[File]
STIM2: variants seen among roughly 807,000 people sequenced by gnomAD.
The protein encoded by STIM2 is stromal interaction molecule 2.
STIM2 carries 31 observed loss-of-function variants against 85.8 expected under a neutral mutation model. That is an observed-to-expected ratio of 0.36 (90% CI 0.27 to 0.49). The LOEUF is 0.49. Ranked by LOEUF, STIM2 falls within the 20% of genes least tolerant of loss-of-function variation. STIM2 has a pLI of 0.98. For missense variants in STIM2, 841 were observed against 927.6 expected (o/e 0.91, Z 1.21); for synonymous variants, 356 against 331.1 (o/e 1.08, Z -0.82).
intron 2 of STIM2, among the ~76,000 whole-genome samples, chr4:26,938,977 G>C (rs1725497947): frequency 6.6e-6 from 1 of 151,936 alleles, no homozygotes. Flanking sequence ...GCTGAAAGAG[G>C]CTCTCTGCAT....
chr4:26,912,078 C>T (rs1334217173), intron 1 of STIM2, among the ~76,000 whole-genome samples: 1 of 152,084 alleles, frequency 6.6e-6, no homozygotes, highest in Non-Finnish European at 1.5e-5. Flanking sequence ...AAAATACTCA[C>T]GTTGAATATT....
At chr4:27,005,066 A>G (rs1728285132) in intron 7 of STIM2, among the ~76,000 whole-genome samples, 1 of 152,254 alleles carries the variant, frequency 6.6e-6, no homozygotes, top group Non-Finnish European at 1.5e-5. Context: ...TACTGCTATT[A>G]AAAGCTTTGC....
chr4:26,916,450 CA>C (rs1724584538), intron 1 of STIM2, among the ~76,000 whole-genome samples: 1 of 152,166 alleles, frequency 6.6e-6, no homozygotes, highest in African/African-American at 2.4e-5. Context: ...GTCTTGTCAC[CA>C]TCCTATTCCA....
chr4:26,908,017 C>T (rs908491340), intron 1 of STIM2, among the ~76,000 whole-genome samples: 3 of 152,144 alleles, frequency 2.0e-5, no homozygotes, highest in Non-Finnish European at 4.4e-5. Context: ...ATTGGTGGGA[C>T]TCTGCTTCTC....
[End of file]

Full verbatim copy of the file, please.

STIM2: variants seen among roughly 807,000 people sequenced by gnomAD.
The protein encoded by STIM2 is stromal interaction molecule 2.
STIM2 carries 31 observed loss-of-function variants against 85.8 expected under a neutral mutation model. That is an observed-to-expected ratio of 0.36 (90% CI 0.27 to 0.49). The LOEUF is 0.49. Ranked by LOEUF, STIM2 falls within the 20% of genes least tolerant of loss-of-function variation. STIM2 has a pLI of 0.98. For missense variants in STIM2, 841 were observed against 927.6 expected (o/e 0.91, Z 1.21); for synonymous variants, 356 against 331.1 (o/e 1.08, Z -0.82).
intron 2 of STIM2, among the ~76,000 whole-genome samples, chr4:26,938,977 G>C (rs1725497947): frequency 6.6e-6 from 1 of 151,936 alleles, no homozygotes. Flanking sequence ...GCTGAAAGAG[G>C]CTCTCTGCAT....
chr4:26,912,078 C>T (rs1334217173), intron 1 of STIM2, among the ~76,000 whole-genome samples: 1 of 152,084 alleles, frequency 6.6e-6, no homozygotes, highest in Non-Finnish European at 1.5e-5. Flanking sequence ...AAAATACTCA[C>T]GTTGAATATT....
At chr4:27,005,066 A>G (rs1728285132) in intron 7 of STIM2, among the ~76,000 whole-genome samples, 1 of 152,254 alleles carries the variant, frequency 6.6e-6, no homozygotes, top group Non-Finnish European at 1.5e-5. Context: ...TACTGCTATT[A>G]AAAGCTTTGC....
chr4:26,916,450 CA>C (rs1724584538), intron 1 of STIM2, among the ~76,000 whole-genome samples: 1 of 152,166 alleles, frequency 6.6e-6, no homozygotes, highest in African/African-American at 2.4e-5. Context: ...GTCTTGTCAC[CA>C]TCCTATTCCA....
chr4:26,908,017 C>T (rs908491340), intron 1 of STIM2, among the ~76,000 whole-genome samples: 3 of 152,144 alleles, frequency 2.0e-5, no homozygotes, highest in Non-Finnish European at 4.4e-5. Context: ...ATTGGTGGGA[C>T]TCTGCTTCTC....